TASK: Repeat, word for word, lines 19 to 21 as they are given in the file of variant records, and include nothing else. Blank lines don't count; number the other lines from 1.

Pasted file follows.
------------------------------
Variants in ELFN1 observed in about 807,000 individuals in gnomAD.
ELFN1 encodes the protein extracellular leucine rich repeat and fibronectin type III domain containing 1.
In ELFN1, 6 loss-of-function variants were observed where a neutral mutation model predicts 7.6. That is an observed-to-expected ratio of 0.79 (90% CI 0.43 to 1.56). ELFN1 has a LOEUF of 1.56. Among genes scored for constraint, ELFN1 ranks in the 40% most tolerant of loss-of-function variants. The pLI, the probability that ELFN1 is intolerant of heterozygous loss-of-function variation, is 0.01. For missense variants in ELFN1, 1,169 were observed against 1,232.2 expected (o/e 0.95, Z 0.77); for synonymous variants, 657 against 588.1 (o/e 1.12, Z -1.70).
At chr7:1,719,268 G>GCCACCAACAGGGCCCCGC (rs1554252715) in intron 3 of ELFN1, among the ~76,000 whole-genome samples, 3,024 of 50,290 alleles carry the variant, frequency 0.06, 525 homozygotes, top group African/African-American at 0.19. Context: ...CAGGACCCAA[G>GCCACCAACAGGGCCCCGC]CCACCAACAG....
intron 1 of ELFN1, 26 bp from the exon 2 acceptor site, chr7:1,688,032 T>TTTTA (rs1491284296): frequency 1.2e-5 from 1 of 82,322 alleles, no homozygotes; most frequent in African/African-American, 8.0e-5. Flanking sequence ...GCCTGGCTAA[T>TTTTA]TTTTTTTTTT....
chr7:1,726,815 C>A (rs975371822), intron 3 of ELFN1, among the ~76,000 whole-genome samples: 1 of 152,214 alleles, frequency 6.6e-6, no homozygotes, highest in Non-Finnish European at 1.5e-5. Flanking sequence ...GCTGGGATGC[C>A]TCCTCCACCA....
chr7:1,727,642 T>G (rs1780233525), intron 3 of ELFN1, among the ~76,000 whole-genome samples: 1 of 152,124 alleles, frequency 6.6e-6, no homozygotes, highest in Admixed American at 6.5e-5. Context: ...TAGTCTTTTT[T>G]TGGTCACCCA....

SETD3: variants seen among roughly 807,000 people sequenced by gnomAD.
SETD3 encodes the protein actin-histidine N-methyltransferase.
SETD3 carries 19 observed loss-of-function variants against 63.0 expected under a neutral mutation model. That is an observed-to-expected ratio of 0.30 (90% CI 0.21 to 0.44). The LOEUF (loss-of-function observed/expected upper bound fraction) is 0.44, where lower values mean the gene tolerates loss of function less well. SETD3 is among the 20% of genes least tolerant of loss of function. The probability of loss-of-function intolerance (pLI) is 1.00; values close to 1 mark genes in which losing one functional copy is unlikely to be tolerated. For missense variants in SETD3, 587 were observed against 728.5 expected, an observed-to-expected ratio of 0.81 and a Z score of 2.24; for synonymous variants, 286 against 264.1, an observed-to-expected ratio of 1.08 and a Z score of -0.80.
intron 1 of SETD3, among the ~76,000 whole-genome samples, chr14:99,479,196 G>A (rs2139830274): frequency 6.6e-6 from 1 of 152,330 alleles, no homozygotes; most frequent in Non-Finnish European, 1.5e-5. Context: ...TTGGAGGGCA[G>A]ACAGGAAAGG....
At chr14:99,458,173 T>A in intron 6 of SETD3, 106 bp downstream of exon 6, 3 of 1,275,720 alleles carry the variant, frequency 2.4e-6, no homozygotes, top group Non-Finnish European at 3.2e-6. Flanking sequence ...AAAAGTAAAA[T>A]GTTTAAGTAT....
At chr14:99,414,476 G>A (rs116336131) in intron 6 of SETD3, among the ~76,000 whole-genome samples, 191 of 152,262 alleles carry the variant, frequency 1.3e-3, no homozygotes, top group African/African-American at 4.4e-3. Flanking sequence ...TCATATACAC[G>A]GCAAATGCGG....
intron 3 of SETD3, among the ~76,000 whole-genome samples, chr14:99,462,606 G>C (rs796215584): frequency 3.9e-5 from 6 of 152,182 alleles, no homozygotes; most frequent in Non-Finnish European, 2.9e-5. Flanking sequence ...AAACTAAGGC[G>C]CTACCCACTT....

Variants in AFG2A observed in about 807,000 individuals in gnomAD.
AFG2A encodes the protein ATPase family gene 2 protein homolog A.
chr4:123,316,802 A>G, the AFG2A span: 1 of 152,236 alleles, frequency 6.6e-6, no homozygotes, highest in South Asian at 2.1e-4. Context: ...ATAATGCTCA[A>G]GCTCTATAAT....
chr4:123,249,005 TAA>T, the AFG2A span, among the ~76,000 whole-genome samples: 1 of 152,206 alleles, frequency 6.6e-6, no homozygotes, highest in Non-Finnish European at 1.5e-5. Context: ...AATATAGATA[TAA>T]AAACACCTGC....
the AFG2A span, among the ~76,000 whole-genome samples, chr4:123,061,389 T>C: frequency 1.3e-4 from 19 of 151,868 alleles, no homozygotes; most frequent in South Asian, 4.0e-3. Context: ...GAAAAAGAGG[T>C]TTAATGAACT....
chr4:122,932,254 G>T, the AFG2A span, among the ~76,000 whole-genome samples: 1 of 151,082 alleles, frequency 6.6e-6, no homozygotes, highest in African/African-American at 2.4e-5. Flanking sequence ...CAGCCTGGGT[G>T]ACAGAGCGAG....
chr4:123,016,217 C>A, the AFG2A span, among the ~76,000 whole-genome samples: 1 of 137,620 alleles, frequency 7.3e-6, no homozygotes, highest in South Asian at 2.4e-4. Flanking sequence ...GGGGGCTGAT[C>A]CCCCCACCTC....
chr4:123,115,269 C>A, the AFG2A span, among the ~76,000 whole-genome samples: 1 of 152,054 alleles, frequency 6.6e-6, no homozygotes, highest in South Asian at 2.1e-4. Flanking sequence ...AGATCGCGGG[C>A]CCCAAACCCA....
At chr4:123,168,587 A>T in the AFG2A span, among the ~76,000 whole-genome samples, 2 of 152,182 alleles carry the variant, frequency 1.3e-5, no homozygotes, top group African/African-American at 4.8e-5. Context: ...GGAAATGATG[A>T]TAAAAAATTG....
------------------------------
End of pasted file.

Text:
the AFG2A span, among the ~76,000 whole-genome samples, chr4:123,061,389 T>C: frequency 1.3e-4 from 19 of 151,868 alleles, no homozygotes; most frequent in South Asian, 4.0e-3. Context: ...GAAAAAGAGG[T>C]TTAATGAACT....
chr4:122,932,254 G>T, the AFG2A span, among the ~76,000 whole-genome samples: 1 of 151,082 alleles, frequency 6.6e-6, no homozygotes, highest in African/African-American at 2.4e-5. Flanking sequence ...CAGCCTGGGT[G>T]ACAGAGCGAG....
chr4:123,016,217 C>A, the AFG2A span, among the ~76,000 whole-genome samples: 1 of 137,620 alleles, frequency 7.3e-6, no homozygotes, highest in South Asian at 2.4e-4. Flanking sequence ...GGGGGCTGAT[C>A]CCCCCACCTC....